The usual reason for deploying NGINX in this way is that a company wants to move to a more modern software‑based platform but does not want to rip and replace all of its legacy hardware load balancers. By putting all new applications behind NGINX Plus, an enterprise can start to implement a software‑based platform and then over time migrate the legacy applications from the hardware load balancer to NGINX Plus.

Scenario 3: NGINX Plus Sits Behind a Legacy Hardware‑Based Load Balancer

As in the previous scenario, NGINX Plus is added to an environment with a legacy hardware‑based load balancer, but here it sits behind the legacy load balancer. Clients connect to The hardware‑based load balancer accepts client requests and load balances them to a pool of NGINX Plus instances, which load balance them across the group of actual backend servers. In this scenario NGINX Plus performs all Layer‑7 application load balancing and caching.


Because the NGINX Plus instances are being load balanced by the hardware load balancer, HA can be achieved by having the hardware load balancer do health checks on the NGINX Plus instances and stop sending traffic to instances that are down.

The Problem with Large Multi‑Tenant Hardware Load Balancers

There can be multiple reasons for deploying NGINX Plus in this way. One is because of corporate structure. In a multi‑tenant environment where many internal application teams share a device or set of devices, the hardware load balancers are often owned and managed by the network team. The application teams probably would like access to the load balancers to add application‑specific logic, but the complexity of true multi‑tenancy means that even sophisticated solutions can still not provide complete isolation between one application and another. If the application teams were given free access to shared devices, one team might make configuration changes that negatively impact other teams.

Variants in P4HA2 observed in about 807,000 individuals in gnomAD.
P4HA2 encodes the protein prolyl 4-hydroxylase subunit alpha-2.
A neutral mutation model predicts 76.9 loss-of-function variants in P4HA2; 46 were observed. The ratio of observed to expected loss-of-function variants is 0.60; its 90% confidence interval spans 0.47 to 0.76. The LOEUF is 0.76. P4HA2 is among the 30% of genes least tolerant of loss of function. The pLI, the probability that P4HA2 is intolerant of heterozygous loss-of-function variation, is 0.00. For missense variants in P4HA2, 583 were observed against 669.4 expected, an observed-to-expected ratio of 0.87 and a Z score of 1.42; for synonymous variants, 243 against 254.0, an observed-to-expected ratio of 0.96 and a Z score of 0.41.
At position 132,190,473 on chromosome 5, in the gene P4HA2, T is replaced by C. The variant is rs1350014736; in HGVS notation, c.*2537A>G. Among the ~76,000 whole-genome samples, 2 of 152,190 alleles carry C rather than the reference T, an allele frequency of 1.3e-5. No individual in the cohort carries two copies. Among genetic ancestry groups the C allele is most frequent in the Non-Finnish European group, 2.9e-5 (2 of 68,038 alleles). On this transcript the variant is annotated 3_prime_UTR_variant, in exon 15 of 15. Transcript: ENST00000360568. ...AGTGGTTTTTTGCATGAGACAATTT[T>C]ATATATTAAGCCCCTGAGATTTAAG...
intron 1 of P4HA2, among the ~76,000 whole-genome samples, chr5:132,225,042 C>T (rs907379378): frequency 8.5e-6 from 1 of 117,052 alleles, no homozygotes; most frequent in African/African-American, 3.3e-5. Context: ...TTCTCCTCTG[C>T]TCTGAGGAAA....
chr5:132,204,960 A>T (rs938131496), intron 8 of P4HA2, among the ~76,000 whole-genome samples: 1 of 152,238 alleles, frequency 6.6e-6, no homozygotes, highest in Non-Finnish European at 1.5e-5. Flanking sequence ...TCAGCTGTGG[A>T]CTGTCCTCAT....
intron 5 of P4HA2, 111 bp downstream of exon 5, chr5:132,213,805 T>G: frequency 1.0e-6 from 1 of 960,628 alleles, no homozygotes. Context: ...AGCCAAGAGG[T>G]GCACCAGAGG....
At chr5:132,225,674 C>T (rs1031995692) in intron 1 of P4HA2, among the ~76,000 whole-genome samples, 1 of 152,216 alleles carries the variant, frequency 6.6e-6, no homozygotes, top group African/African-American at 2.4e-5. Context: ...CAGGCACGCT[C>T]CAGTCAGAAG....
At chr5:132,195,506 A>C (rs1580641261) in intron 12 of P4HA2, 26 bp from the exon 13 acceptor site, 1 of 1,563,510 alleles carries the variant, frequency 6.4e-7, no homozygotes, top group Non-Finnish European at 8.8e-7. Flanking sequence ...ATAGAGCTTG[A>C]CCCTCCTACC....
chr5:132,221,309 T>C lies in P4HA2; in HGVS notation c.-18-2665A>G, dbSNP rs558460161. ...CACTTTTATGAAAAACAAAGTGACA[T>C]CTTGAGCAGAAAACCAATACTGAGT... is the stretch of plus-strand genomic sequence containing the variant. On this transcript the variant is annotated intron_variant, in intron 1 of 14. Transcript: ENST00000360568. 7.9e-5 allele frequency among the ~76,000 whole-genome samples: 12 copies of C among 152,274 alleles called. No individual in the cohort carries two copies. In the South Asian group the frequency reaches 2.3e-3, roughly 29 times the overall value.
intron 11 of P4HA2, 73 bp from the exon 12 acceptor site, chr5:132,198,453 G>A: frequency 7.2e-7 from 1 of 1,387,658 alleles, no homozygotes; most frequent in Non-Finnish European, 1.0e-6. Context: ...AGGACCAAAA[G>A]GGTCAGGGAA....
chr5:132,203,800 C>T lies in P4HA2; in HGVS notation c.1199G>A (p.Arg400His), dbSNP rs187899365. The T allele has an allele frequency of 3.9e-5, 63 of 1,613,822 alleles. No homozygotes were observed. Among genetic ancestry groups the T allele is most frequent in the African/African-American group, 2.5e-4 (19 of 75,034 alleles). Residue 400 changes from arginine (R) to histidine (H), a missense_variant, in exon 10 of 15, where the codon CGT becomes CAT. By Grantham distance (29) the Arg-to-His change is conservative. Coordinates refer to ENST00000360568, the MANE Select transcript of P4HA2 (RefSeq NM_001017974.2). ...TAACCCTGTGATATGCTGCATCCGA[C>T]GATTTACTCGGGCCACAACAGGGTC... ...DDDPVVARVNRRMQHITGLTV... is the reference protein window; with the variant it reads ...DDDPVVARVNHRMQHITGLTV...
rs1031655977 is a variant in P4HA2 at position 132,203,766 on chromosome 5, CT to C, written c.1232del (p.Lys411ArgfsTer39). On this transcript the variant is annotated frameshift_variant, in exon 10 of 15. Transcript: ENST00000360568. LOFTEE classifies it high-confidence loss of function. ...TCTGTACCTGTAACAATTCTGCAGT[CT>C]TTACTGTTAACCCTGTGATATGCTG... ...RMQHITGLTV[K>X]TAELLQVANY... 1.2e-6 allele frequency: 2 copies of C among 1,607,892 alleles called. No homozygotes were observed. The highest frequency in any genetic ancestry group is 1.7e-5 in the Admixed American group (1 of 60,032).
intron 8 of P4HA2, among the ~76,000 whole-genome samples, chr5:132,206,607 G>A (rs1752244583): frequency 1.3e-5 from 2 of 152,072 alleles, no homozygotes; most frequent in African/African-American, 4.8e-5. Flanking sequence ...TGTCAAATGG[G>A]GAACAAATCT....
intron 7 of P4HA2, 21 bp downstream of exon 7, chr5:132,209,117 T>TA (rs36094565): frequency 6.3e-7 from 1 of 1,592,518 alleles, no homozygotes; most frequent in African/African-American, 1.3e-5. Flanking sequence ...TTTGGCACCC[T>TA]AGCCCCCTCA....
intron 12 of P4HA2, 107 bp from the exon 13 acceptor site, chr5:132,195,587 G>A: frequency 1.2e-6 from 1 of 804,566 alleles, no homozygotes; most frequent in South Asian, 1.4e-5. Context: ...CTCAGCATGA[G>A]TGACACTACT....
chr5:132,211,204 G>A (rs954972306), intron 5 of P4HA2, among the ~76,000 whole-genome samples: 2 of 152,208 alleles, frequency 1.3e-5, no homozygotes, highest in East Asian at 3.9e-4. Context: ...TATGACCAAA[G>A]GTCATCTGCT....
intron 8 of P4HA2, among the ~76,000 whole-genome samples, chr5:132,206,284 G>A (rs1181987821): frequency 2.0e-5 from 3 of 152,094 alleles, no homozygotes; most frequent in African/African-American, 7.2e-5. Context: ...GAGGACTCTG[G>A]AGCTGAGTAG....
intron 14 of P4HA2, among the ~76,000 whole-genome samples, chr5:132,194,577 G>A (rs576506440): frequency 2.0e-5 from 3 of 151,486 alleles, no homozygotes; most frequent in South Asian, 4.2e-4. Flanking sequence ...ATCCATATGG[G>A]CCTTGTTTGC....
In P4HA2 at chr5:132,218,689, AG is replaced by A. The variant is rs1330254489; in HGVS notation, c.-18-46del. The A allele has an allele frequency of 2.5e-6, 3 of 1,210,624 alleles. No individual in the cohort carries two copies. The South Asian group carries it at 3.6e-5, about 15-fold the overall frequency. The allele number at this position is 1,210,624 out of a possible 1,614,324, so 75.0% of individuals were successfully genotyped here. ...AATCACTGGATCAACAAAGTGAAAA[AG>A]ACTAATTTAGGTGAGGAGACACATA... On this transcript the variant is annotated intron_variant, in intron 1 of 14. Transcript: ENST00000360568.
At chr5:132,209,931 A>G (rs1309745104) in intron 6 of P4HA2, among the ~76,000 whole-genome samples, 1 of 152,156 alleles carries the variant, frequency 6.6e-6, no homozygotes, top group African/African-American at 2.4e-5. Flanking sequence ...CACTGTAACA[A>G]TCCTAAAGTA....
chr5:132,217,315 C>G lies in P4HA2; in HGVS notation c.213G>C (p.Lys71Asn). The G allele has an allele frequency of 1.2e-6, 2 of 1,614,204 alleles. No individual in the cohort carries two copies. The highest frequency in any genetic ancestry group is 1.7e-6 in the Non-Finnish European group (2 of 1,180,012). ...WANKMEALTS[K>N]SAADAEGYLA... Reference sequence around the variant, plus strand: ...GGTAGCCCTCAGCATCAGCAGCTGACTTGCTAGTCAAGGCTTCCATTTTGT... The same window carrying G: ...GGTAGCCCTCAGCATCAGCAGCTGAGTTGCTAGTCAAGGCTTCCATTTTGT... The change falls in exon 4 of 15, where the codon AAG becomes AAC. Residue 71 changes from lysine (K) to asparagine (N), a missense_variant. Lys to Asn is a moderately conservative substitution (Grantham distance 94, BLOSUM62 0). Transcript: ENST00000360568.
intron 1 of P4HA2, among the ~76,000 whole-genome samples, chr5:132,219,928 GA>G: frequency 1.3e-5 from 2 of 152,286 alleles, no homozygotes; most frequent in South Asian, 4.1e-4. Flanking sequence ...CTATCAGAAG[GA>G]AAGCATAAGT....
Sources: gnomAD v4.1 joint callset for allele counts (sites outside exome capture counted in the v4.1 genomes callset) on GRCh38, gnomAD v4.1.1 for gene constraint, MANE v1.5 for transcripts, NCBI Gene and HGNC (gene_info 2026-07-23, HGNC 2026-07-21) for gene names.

To avoid the potential problems, the network team often retains sole control over the hardware load balancers. The application teams have to submit requests to make any configuration changes. In addition, because of the potential for configuration conflicts between teams, the network team is likely to limit which advanced ADC features are exposed, meaning that application teams can’t take advantage of all the functionally available on the hardware load balancer.

Why Using Multiple Proxy Layers Makes Sense

One solution to this problem is to deploy a set of smaller load balancers, such as NGINX Plus, so that each application team can have its own. Completely isolated from one another, the application teams can each take full advantage of all the features they need without risking negative consequences for other teams. It’s not cost effective to give each application team a set of hardware appliances, so this a great use case for a software‑based load balancer like NGINX Plus.

The hardware load balancers remain in place, still owned and managed by the network team, but they no longer have to deal with complex multi‑tenant issues or application logic; their only job is to get the requests to the right NGINX Plus instances where the application logic resides, and NGINX Plus routes the requests to the right backend servers. This provides the network team with the control they need while also enabling the application teams to take full advantage of the ADC functionality.


The flexibility inherent in a software‑based load balancer makes it easy to deploy in almost any environment and scenario. The IT world is clearly moving to software‑based platforms, and with NGINX Plus you don’t need to rip and replace what you have. You can install NGINX Plus into your existing environment or a new environment as you migrate to the architecture of the future.

Further Reading

NGINX recognized by Gartner in 2016 Magic Quadrant for Application Delivery Controllers

Everything you need to know about choosing the right ADC